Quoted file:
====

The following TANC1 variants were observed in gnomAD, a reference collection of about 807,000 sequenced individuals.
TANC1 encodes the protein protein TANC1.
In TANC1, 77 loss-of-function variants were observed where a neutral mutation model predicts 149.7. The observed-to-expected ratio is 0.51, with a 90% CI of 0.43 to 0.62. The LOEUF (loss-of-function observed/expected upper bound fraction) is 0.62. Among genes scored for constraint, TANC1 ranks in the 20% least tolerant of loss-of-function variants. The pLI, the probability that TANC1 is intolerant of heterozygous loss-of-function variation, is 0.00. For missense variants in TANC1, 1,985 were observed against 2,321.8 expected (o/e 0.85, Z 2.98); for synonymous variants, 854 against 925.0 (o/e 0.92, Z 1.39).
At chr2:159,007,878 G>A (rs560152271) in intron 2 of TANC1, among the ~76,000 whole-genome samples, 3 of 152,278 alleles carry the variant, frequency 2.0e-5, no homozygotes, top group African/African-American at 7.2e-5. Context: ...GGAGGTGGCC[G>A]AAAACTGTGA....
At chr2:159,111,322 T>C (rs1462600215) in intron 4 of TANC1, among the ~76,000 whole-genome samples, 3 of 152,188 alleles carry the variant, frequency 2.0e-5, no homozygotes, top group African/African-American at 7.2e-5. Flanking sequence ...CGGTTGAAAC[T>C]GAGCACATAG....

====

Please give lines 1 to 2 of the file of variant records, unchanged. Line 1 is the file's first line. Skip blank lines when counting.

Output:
The following TANC1 variants were observed in gnomAD, a reference collection of about 807,000 sequenced individuals.
TANC1 encodes the protein protein TANC1.